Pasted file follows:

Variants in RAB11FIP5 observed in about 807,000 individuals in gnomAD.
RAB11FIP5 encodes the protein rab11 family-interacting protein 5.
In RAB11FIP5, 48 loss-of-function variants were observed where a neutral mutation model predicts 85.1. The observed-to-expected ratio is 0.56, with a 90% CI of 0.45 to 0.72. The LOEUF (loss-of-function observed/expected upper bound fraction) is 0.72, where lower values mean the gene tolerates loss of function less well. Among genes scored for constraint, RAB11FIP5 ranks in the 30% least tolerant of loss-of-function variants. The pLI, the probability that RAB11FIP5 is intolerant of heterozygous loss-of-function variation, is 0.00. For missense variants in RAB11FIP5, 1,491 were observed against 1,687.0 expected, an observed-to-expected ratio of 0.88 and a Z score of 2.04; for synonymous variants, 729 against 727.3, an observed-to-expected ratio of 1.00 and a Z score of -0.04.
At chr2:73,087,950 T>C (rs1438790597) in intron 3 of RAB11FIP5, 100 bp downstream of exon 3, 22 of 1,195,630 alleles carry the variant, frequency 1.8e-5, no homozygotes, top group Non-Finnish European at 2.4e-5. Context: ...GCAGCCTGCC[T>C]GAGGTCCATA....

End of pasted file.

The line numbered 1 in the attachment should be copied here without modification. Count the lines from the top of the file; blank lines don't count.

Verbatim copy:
Variants in RAB11FIP5 observed in about 807,000 individuals in gnomAD.